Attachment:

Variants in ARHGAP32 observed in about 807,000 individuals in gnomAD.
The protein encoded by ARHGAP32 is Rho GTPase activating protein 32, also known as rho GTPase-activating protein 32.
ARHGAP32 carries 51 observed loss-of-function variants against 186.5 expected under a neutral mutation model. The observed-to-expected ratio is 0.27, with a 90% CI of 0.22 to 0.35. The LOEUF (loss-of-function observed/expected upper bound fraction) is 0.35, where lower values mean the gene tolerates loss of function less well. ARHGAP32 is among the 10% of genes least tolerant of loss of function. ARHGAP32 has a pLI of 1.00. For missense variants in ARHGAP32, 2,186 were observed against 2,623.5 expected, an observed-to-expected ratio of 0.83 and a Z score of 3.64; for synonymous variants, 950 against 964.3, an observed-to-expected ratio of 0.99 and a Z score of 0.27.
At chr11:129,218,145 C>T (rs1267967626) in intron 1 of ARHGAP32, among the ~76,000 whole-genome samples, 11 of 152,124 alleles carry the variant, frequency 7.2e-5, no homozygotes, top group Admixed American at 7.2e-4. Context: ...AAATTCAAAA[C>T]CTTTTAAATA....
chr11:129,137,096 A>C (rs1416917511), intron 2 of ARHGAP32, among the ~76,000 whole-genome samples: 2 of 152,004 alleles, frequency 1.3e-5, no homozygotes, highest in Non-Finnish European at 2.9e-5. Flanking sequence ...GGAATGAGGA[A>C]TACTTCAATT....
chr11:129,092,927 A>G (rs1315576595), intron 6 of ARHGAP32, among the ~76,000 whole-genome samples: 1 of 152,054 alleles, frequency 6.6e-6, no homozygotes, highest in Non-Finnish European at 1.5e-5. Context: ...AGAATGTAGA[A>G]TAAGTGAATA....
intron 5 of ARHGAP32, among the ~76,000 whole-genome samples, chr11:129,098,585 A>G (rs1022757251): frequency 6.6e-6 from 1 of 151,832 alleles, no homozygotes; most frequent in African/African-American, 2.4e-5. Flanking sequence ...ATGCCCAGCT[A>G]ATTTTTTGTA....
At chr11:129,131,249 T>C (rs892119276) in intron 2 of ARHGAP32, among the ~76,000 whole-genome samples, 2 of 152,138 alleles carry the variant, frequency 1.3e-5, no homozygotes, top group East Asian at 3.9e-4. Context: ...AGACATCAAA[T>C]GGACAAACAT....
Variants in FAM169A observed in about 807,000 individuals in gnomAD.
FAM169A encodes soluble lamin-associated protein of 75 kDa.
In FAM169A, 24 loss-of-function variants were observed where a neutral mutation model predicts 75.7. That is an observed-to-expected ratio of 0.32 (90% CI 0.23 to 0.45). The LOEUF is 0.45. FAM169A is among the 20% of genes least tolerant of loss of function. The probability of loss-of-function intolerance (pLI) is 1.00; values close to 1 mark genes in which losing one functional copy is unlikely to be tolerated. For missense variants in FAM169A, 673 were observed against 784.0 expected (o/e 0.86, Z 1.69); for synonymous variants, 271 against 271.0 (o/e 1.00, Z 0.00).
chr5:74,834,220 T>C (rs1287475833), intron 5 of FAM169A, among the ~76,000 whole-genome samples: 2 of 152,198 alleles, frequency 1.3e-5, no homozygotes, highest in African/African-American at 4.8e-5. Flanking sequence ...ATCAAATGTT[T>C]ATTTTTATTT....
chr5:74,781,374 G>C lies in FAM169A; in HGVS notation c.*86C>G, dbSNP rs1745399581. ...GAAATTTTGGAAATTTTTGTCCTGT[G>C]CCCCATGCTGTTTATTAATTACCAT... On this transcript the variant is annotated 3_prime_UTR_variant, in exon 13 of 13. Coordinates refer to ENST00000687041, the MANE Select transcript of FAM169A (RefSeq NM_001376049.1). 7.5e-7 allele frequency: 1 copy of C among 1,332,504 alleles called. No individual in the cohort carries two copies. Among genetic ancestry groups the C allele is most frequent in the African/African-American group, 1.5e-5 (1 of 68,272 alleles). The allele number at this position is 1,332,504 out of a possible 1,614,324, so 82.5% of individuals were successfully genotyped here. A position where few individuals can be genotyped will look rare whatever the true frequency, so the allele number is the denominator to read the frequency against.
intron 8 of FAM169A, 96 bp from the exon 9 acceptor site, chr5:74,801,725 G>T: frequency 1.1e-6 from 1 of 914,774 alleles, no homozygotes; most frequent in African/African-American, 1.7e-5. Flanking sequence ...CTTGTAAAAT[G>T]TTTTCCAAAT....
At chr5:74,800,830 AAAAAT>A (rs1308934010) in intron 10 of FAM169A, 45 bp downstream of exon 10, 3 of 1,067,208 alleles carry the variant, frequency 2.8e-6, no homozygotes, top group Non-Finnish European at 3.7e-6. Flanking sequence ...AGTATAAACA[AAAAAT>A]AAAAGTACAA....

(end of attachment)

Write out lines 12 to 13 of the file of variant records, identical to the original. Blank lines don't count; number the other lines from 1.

chr5:74,834,220 T>C (rs1287475833), intron 5 of FAM169A, among the ~76,000 whole-genome samples: 2 of 152,198 alleles, frequency 1.3e-5, no homozygotes, highest in African/African-American at 4.8e-5. Flanking sequence ...ATCAAATGTT[T>C]ATTTTTATTT....
chr5:74,781,374 G>C lies in FAM169A; in HGVS notation c.*86C>G, dbSNP rs1745399581. ...GAAATTTTGGAAATTTTTGTCCTGT[G>C]CCCCATGCTGTTTATTAATTACCAT... On this transcript the variant is annotated 3_prime_UTR_variant, in exon 13 of 13. Coordinates refer to ENST00000687041, the MANE Select transcript of FAM169A (RefSeq NM_001376049.1). 7.5e-7 allele frequency: 1 copy of C among 1,332,504 alleles called. No individual in the cohort carries two copies. Among genetic ancestry groups the C allele is most frequent in the African/African-American group, 1.5e-5 (1 of 68,272 alleles). The allele number at this position is 1,332,504 out of a possible 1,614,324, so 82.5% of individuals were successfully genotyped here. A position where few individuals can be genotyped will look rare whatever the true frequency, so the allele number is the denominator to read the frequency against.